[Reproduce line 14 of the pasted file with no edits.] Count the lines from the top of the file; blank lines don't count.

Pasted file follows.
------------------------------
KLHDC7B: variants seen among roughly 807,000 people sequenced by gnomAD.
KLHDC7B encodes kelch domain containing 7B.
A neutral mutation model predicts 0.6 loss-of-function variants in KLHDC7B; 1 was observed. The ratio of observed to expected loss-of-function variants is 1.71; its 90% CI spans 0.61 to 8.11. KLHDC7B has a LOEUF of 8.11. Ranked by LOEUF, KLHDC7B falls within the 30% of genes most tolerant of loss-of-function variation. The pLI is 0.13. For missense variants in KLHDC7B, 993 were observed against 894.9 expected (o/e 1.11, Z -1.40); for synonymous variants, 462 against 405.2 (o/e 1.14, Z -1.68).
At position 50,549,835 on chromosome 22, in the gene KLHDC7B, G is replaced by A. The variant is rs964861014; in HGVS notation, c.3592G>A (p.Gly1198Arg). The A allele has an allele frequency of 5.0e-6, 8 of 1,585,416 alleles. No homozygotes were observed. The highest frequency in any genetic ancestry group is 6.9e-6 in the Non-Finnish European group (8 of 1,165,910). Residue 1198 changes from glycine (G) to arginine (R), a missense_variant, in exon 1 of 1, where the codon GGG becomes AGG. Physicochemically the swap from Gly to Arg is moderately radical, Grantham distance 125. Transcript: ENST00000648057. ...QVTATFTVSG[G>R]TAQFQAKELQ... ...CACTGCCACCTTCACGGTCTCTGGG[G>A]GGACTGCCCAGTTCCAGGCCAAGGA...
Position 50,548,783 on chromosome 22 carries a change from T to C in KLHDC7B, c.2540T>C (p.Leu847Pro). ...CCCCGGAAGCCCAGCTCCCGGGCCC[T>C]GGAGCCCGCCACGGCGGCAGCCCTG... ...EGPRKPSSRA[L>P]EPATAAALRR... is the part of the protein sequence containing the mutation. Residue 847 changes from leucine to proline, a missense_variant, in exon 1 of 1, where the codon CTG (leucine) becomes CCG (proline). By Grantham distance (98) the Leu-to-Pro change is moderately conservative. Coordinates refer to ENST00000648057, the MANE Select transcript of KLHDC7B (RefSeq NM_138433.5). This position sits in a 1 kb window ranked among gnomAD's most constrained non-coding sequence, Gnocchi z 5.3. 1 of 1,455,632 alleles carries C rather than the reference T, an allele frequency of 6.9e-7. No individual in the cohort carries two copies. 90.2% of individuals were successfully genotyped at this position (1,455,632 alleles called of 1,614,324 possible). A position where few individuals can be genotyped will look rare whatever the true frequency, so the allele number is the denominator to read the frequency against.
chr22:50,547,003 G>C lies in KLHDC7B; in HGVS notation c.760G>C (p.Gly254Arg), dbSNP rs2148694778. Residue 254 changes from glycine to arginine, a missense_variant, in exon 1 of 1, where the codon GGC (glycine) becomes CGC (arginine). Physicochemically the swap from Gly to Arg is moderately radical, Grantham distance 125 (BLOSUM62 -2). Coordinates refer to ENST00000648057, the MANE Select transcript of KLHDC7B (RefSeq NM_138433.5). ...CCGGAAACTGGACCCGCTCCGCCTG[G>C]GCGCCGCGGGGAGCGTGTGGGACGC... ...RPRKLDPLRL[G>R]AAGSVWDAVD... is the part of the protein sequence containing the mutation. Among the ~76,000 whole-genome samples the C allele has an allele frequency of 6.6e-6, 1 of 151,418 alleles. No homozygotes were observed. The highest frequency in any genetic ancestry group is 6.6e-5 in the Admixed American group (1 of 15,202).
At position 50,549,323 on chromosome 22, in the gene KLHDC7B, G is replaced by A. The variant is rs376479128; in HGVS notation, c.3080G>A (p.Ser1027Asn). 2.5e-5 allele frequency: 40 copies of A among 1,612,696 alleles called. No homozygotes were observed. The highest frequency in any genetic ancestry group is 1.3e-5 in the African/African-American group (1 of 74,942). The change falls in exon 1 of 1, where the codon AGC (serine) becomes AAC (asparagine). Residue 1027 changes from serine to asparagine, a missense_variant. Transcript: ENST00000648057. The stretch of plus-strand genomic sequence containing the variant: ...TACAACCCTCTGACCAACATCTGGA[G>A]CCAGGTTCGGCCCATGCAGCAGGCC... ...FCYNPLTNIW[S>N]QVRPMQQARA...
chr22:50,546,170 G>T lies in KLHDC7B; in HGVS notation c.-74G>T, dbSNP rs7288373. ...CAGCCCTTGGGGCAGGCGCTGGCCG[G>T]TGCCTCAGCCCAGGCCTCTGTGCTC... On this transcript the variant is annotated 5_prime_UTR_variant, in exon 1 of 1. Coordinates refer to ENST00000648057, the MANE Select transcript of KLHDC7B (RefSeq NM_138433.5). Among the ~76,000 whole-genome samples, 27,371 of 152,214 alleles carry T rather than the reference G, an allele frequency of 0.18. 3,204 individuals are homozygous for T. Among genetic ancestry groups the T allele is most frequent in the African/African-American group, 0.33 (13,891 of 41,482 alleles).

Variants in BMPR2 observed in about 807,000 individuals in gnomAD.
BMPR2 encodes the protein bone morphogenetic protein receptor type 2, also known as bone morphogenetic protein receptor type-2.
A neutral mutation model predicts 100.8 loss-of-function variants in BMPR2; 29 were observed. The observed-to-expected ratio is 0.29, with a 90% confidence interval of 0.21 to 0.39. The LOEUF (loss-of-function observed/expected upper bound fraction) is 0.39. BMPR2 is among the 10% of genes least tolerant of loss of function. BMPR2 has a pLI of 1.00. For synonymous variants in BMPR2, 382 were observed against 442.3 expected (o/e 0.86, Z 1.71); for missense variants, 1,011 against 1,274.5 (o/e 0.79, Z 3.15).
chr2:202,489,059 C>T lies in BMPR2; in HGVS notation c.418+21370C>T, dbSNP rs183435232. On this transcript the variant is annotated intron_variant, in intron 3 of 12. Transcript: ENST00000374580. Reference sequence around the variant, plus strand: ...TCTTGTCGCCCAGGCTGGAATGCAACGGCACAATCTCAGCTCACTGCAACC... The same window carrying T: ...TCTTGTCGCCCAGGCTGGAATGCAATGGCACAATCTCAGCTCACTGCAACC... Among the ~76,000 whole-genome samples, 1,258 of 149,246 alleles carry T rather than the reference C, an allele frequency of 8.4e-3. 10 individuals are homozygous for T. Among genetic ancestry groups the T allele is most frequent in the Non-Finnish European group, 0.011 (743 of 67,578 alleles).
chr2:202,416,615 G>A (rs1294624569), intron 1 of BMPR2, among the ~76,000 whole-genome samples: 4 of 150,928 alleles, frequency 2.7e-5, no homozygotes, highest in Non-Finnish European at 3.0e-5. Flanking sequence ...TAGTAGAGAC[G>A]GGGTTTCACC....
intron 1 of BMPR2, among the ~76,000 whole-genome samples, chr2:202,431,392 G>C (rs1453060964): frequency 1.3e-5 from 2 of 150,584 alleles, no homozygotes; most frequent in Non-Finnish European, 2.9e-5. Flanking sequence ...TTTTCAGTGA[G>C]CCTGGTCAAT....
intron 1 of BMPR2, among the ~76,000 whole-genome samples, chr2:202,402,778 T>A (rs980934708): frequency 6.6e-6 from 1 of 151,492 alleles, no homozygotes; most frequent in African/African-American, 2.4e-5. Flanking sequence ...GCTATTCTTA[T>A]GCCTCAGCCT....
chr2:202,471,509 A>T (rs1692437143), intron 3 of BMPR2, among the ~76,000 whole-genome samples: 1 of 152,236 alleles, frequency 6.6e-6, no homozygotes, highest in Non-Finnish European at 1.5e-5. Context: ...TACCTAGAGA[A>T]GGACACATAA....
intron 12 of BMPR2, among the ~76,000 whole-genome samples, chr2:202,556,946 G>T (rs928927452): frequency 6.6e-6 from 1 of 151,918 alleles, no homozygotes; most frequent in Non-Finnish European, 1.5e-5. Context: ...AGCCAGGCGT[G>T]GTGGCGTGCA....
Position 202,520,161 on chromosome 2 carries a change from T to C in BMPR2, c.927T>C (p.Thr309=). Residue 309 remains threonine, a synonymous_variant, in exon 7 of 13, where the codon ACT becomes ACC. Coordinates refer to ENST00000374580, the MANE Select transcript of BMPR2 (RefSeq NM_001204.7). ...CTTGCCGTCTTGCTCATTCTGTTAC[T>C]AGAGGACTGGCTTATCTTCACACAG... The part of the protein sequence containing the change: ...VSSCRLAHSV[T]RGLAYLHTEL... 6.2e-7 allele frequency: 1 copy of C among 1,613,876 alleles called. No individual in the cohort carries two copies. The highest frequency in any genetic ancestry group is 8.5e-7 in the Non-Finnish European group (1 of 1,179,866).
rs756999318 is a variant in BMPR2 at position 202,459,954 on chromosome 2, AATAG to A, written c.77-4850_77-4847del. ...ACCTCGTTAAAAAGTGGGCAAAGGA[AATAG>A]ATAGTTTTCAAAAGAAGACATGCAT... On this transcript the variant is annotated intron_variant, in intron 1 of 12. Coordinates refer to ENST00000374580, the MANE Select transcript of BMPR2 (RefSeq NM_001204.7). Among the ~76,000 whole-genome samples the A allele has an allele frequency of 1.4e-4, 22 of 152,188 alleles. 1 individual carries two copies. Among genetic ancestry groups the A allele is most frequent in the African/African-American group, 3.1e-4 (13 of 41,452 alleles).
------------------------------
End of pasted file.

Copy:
intron 1 of BMPR2, among the ~76,000 whole-genome samples, chr2:202,431,392 G>C (rs1453060964): frequency 1.3e-5 from 2 of 150,584 alleles, no homozygotes; most frequent in Non-Finnish European, 2.9e-5. Flanking sequence ...TTTTCAGTGA[G>C]CCTGGTCAAT....